Sex + Art = TULIP
TULIP is not only a revolutionary sex toy shop, but also a cutting -edge art gallery.
TULIP is committed to showcasing Chicago's most talented, up and coming artists' work through gallery openings. What better atmosphere to shop for luxe sex toys and accessories than an art gallery? What better atmosphere to shop for art than a space committed to the diverse pleasures, desires, and ways of being in the world that Tulip represents, a world that serves as inspiration for many artists?
January Through April, Lenny Gilmore's art will be on Display at Tulip's Wicker Park Location
Artist statement and sample images coming soon! Until then, please feel free to check out his projects by visiting his website: lennygilmore.com.
December through March, Micheal Egon Schiele's art will be on Display at Tulip's Boystown Location
In today's world, sex appeal has been focus-grouped to commodified perfection. Our minds' and our bodies' are solicited daily by glamorous models drinking champagne in high heels and little else, usually in promotion of a new product and a high class lifestyle. Assuredly, it makes sense to characterize sex with such lustful bravado, but the passion exists in life through a broad spectrum of circumstances, from awkward playfulness to opulent luxury.
As much as our sexual appetites thrive in fantasy they lay an equal claim to the visceral. Our desires inherently include that which is beyond our reach, yet must intrinsically be most fulfilled not by our fantasies, but by our realities. Just as lingerie and candlelight may arouse, sweatpants and a dirty look are equally seductive.
I feel it is important to admit the sex appeal of our own lives, the muddy heels and Sunday morning sunshine which compels us to make love. The music video world of thongs and flashing lights may tantalize, but ultimately it is our lover's lips or exposed breast that turns us on.
The media is only a manifestation of our collective lives, not a competing component. The lustful, dirty allure that exists in our entertainment is more real when you're appreciating the outline of your own lover's physique; love more overwhelming when it's your finger in a humble ring than a model's sparkling diamond in a magazine. After all, nearly the only real sex that happens in the photographer's world is that performed by paid 'professionals'; not by ravenous lovers.
In my photographs I hope to capture desire honestly, to not only capitalize on our steamy libidos, but our bashful compassion as well. Our lives are not just varying proportions of the sacred and the profane, but a sacred profanity capable of attacks on our loins as equally as our hearts. Embracing this entanglement, we might fully experience our sexuality and the love and desire it represents.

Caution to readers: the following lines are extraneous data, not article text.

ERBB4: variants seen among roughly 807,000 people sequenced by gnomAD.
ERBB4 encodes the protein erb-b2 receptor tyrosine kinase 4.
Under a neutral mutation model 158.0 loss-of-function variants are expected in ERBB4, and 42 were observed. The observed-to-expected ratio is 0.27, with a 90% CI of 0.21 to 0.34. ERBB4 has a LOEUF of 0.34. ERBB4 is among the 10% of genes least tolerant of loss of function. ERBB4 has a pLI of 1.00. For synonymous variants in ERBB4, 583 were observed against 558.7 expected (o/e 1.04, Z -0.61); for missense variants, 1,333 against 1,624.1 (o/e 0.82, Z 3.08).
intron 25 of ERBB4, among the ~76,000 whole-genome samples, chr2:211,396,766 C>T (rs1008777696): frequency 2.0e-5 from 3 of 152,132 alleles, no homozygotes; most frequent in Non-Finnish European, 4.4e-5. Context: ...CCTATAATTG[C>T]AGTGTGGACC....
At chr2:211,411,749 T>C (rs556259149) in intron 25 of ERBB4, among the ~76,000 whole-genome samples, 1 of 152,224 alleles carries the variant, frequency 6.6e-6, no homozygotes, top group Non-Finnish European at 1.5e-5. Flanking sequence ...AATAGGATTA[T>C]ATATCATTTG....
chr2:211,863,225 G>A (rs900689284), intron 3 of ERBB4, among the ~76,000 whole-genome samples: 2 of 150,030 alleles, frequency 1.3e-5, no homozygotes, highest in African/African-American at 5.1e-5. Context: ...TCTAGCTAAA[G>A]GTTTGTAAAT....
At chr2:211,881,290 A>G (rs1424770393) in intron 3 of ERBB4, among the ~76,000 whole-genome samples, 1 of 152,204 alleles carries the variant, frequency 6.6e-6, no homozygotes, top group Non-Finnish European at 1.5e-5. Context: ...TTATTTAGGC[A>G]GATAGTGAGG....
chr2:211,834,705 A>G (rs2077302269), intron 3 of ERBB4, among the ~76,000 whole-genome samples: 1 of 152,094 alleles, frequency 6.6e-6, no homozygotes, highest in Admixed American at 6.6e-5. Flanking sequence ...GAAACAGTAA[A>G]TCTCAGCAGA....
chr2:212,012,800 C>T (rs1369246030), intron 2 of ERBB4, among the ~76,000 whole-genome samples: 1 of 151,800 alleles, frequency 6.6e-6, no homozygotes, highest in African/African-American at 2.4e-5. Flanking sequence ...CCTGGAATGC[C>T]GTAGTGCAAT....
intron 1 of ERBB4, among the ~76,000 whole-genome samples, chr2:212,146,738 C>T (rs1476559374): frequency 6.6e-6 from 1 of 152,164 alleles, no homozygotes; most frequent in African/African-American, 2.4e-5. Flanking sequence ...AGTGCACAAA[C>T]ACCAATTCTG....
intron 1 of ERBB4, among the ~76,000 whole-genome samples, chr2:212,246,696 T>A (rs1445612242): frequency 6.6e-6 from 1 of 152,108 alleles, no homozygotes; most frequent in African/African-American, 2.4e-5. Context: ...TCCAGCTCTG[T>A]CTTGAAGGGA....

Micheal Egon Schiele
More to see at the Actual Location
November through March, Sara Stubblefield's art will be on Display at Tulip's Andersonville Location
The first thing I photographed was my own nude body and its contorted, bare, fleshy skin. I am drawn to the limits within abstraction and beauty. Most of my work seeks to expose small details, not as a whole or representing what they come from, but just those specific details as the center of attention.
Lighting techniques and composition play a major role in my work. I am exploring the skin's fine texture and using it to create abstractions with faint surface referents that bring the viewer back to the body.
I am also exploring the line in relation to the body. How the body can be contorted, bent, and placed so that it creates an interesting linear composition. A line that might tell a story about what our bodies have been through.
Dark shadows also work their way into my images. Shadows that engulf, mask, and mystify. Shadows that create lines too; lines that form something else. In my work, shadow helps create more dramatic compositions, isolating certain details that are sometimes so subtle they can be missed if you don't look close enough.
I am constantly brought back to the human body, whether female or male. There is something that always attracts me. Our bodies are just a portal. We use them to transmit information, to do things and interact with the world. I find it very interesting that our bodies are what we identify ourselves with. We are obsessed with the way we look. I find it very interesting to connect our understanding of the world to our understanding of our ourselves through our bodies. We identify ourselves by how we look and then compare ourselves to others.
More to see at the Actual Location
8X10 Black and White Silver Gelatin Prints $100
16X20 Digital Prints (Red) $150
16X20 Black and White Silver Gelatin Prints $180